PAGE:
It could have ended horribly had a white car not emerged from nowhere yanking the visitor into the vehicle.
The baying mob armed with knives and the rest would have to lick their chops for another occasion; the visitor now with some respite before the next adventure would breathe a sigh of relief. He did not know events more unimaginable awaited him.
Near the first decade of 2000 one of the industry’s burgeoning photojournalists would set himself a challenge by flying into a global hotspot he had no knowledge of to tell a story he felt was underwhelmed. You can tell the jib of a journalist during exchanges of ribbing banter; as people are heading away from perceived danger, the journalist is heading in.
Danfung Dennis, movie looks, US newspaper front page tear sheets, and with a special gift was heading in, in to Afghanistan and a war zone that frankly you’d have to be mad or calculating to want to contemplate.
This is an introduction to a book featuring a special group of people with a craft skill in storytelling that upends the logic laid down by old skool and traditionalists. But it could be anyone, you, infact attempting to tell a story true to yourself and sense of probity. This is a story of a cadre of journalists equipped with their own cameras but agnostic to the device — a DSLR, mobile, betacam or digicam.
They go by the label of videojournalists, a term grossly misunderstood in the profession and scholarship, and work as much on foreign soil as their own. But they do something, we as viewers admire and can’t get enough of. They distinguish their films from the morass in the digi-sphere by the look and feel and memorability. Viewers my refer to is a cinematic, but this doesn’t do justice to what they do.
Just as Hollywood, Nollywood or Neorealism e.g. Roma creates a fictional form of cinema and narrative, this story charts videojournalists like Dennis, whom influenced by cinema and photojournalism, produce the most extraordinary films. They move into a 21st century all encompassing form of cinema journalism.
In 2011 and 2012, Dennis picked up nearly every award on the doc and video circuit underneath the sun, and was nominated for an Oscar — not bad for an inaugural film. The White House too requested viewing the film.
It’s easy as a journalist to get caught in the hyperbole and misplaced disquiet when cinema is laid beside journalism because in the minds of many cinema is fictional and journalism is factual. But this ignores a fundamental wholly overlooked. Cinema was part of the repository from which television news took its language. The establishing shot, wide shot, framing, story line and angle, pan, zoom, and narration — all cinemas.
These existed long before television news would try to construct its path. And when, to give it credit, if finally did, it was a construct, a construct that was teased from the storytelling forms of documentary, radio, print and cinema of its time — and that part of cinema was factual.
There is no definitive way to filming and telling stories about events. Television news’s remarkable feat has been to teach generations upon generation since the 1950s how journalism should be, ignoring any changes to langue, culture or society. Its scions suggest there is an absolutism to news journalism, misapprehending its struggle to exist and the course it took for social, creative and reductionist reasons.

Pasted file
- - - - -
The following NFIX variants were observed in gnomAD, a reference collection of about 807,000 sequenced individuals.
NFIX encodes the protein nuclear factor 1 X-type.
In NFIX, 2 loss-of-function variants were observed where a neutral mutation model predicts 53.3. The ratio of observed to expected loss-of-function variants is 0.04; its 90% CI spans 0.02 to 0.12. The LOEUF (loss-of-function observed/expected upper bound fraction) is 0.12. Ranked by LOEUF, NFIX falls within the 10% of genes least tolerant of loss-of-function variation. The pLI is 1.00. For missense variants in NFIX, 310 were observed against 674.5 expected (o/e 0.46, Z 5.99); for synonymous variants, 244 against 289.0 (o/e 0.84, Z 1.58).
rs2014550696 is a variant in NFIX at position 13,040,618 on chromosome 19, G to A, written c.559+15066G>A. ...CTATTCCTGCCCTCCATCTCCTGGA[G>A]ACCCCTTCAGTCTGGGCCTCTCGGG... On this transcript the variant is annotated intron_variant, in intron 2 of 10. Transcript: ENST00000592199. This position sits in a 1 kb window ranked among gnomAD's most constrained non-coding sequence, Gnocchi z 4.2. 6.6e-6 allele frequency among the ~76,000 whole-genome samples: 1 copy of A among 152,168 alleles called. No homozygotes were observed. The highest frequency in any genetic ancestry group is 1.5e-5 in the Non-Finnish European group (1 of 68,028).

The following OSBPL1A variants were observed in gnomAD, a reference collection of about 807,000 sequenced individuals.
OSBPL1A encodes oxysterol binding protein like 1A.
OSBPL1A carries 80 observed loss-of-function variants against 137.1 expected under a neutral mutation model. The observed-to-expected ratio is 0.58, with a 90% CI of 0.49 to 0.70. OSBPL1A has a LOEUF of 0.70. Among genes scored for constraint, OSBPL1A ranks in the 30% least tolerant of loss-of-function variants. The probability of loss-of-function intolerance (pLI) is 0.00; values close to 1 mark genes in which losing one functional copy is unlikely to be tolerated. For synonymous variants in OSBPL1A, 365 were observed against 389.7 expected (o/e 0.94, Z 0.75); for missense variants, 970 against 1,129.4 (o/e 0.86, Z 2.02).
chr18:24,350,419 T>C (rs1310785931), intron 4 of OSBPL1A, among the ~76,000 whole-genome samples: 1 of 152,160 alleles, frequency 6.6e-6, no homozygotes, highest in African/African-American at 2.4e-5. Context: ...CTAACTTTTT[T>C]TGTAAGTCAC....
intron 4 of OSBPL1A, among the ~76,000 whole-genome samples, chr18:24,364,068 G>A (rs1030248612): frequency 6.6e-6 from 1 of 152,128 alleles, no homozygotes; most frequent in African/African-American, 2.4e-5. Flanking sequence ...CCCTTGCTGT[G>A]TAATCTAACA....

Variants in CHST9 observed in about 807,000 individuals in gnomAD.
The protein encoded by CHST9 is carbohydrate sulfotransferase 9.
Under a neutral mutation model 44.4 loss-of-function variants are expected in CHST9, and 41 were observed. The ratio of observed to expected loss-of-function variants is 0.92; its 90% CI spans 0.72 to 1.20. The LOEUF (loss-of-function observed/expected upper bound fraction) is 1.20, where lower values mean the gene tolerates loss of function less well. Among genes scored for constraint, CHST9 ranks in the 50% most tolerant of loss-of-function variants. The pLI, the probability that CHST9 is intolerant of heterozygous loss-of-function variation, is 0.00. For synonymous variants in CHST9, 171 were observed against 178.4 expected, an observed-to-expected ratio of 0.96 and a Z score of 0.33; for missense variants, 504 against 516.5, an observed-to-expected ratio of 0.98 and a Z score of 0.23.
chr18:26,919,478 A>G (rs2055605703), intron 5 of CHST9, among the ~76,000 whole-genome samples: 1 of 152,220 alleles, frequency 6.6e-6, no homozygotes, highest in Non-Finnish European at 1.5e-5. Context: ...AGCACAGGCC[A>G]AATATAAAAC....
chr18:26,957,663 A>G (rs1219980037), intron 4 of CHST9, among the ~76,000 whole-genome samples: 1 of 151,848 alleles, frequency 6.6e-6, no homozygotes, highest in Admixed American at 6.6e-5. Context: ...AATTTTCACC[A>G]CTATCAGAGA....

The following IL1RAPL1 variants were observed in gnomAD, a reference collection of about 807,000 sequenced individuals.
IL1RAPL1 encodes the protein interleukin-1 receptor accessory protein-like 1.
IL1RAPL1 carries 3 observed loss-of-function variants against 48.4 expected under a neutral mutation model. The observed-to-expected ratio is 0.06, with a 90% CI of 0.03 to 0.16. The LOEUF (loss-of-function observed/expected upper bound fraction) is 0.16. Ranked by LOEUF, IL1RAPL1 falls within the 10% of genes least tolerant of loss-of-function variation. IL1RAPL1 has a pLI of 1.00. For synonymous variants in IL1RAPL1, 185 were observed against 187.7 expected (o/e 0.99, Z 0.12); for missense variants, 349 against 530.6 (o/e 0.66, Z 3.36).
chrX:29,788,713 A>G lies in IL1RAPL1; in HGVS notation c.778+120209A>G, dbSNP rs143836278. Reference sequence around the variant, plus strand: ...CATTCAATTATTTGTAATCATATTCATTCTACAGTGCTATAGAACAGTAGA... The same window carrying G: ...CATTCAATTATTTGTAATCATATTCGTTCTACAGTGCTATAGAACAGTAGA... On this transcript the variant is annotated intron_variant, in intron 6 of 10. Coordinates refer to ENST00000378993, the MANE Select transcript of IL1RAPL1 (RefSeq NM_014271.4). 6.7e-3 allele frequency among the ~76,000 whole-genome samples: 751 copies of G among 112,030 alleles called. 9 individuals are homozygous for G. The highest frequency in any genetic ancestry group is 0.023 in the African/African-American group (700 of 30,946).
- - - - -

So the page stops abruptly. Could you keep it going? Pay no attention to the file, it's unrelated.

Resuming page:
As Scorsese says he sees no difference between making a doc and a piece of fiction. Yes one is made up and the other factual, but the tools and langue can be the same.
Consider this, when television news constructs its form, the event will often not have been captured live so the team assemble their interviewees and structure as a representation to approximate conditions that will have altered.
An official being interviewed in the foyer or studio still loses an array of nuances, behaviour, purposefulness, memory that might have been visible in the chamber when he made news. And even when captured live, where you place the camera, and its framing has an impact for the viewer ranging from the boring to the excitable.
One way to look upon the cinema journalist is of a director/ camera/ producer with the available tools at her disposal to craft a story. A shot may call on a different lens or camera, and the use of a mobile phone in filming is equally justified. The magic happens in the cinema brain of the practitioner.
It is an innovation of now but has deep roots, some of which are personal which I share as a way of solidifying theories and ideas. Innovation stemming from winning one of the industries most illustrious prizes, the Knight Batten Award for innovations, to working on BBC innovative programmes and one of the world’s first videojournalism stations.
This is a book that combines the pragmatics of creating, and the theories that underpin them. It couples the brain science of thinking alongside traditional interprepretive schema, such as cognitivism, and it looks to great examples of cinema journalists, around a dozen, who’ve pushed the langue of news making.
They cite their influences and I include interviews with landmark figures such as Robert Drew, the founder of Direct Cinema, who has since passed. The book includes epochal times in history and some of the stalwarts of early one person filmmakers, as well as how Art conceals signs of where the industry is heading presently and tomorrow.
Editor’s note: This the intro for a book that I’ve more or less written, as part of five years research. However, I’m testing it out, so feedback welcome so I’m interested to hear your thoughts.
Dr David Dunkley Gyimah is a international award winning videojournalist and innovator in journalism, with a career in broadcasting that includes Newsnight and Channel 4 News. You can find out more here @viewmagazine